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This solution automatically deploys a single web access control list (web ACL) with a set of AWS WAF rules designed to filter common web-based attacks.


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Note: If you want to use the solution without building from source, navigate to Solution Landing Page.

Table of contents

Solution overview

The Security Automations for AWS WAF solution automatically deploys a set of AWS WAF (web application firewall) rules that filter common web-based attacks. Users can select from preconfigured protective features that define the rules included in an AWS WAF web access control list (web ACL). Once deployed, AWS WAF protects your Amazon CloudFront distributions or Application Load Balancers by inspecting web requests.

You can use AWS WAF to create custom, application-specific rules that block attack patterns to ensure application availability, secure resources, and prevent excessive resource consumption.

You can install this solution in your AWS accounts by launching the provided AWS CloudFormation template.

For a detailed solution implementation guide, refer to Solution Landing Page Security Automations for AWS WAF.

Architecture diagram

Security Automations for AWS WAF architecture

The components of this solution can be grouped into the following areas of protection.

Note: The group labels don’t reflect the priority level of the WAF rules.

  • AWS Managed Rules (A) – This component contains AWS Managed Rules IP reputation rule groups, baseline rule groups, and use-case specific rule groups. These rule groups protect against exploitation of common application vulnerabilities or other unwanted traffic, including those described in OWASP publications, without having to write your own rules.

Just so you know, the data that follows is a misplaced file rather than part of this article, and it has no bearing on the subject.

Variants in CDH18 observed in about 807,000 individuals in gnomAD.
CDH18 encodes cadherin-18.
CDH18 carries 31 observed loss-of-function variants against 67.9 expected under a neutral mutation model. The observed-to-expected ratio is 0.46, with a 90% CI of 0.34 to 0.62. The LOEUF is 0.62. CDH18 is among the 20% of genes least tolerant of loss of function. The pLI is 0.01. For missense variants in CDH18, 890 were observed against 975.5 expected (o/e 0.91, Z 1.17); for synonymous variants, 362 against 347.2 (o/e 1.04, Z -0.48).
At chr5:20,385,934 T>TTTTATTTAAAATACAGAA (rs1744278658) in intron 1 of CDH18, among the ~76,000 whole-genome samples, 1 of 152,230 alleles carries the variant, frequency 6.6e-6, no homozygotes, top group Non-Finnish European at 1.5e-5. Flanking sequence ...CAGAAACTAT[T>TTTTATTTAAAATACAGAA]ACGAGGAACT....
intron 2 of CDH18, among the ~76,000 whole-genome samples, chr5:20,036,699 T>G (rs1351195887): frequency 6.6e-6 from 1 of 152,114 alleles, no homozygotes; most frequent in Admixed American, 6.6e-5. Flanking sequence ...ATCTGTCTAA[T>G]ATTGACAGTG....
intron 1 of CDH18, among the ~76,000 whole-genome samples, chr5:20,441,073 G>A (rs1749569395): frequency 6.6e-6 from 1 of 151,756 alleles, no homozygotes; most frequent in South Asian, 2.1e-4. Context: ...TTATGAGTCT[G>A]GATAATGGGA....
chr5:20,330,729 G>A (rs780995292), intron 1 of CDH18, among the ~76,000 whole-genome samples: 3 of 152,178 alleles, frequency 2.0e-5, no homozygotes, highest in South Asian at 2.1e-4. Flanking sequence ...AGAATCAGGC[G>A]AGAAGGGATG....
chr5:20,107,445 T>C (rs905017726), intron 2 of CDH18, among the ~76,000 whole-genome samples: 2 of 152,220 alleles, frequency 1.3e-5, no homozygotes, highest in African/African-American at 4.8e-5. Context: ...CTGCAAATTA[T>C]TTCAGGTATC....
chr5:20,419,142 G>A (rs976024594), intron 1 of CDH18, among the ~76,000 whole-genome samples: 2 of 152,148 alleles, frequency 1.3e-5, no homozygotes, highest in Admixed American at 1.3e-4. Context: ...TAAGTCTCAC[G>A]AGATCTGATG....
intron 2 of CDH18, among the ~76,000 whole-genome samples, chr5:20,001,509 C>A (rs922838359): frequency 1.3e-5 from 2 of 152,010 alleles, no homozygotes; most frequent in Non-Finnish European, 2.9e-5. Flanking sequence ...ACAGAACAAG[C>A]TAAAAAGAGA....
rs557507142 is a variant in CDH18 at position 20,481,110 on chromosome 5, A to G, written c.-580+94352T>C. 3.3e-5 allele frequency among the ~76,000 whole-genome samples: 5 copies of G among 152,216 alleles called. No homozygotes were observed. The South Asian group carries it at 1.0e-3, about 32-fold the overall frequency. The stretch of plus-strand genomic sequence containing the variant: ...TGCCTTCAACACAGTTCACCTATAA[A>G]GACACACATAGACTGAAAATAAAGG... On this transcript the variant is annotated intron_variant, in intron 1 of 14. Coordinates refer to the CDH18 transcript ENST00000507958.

• Manual IP lists (B and C) – These components create two AWS WAF rules. With these rules, you can manually insert IP addresses that you want to allow or deny. You can also configure IP retention and remove expired IP addresses from these IP lists.
  • SQL Injection (D) and XSS (E) – These components configure two AWS WAF rules that are designed to protect against common SQL injection or cross-site scripting (XSS) patterns in the URI, query string, or body of a request.
  • HTTP Flood (F) – This component protects against attacks that consist of a large number of requests from a particular IP address, such as a web-layer DDoS attack or a brute-force login attempt.
  • Scanner and Probe (G) – This component parses application access logs searching for suspicious behavior, such as an abnormal amount of errors generated by an origin. Then it blocks those suspicious source IP addresses for a customer-defined period of time.
  • IP Reputation Lists (H) – This component is the IP Lists Parser Lambda function that checks third-party IP reputation lists hourly for new ranges to block. These lists include the Spamhaus Don’t Route Or Peer (DROP) and Extended DROP (EDROP) lists, the Proofpoint Emerging Threats IP list, and the Tor exit node list.
  • Bad Bot (I) – This component automatically sets up a honeypot, which is a security mechanism intended to lure and deflect an attempted attack.

Customizing the solution

Prerequisites for customization


Building from GitHub source allows you to modify the solution, such as adding custom actions or upgrading to a new release. The process consists of downloading the source from GitHub, creating Amazon S3 buckets to store artifacts for deployment, building the solution, and uploading the artifacts to S3 buckets in your AWS account.

1. Clone the repository

Clone or download the repository to a local directory on your Linux client.

Note: If you intend to modify the source code, can create your own fork of the GitHub repo and work from that. This way, you can check in your changes to your private copy of the solution.

Git Clone example:

git clone

Download Zip example: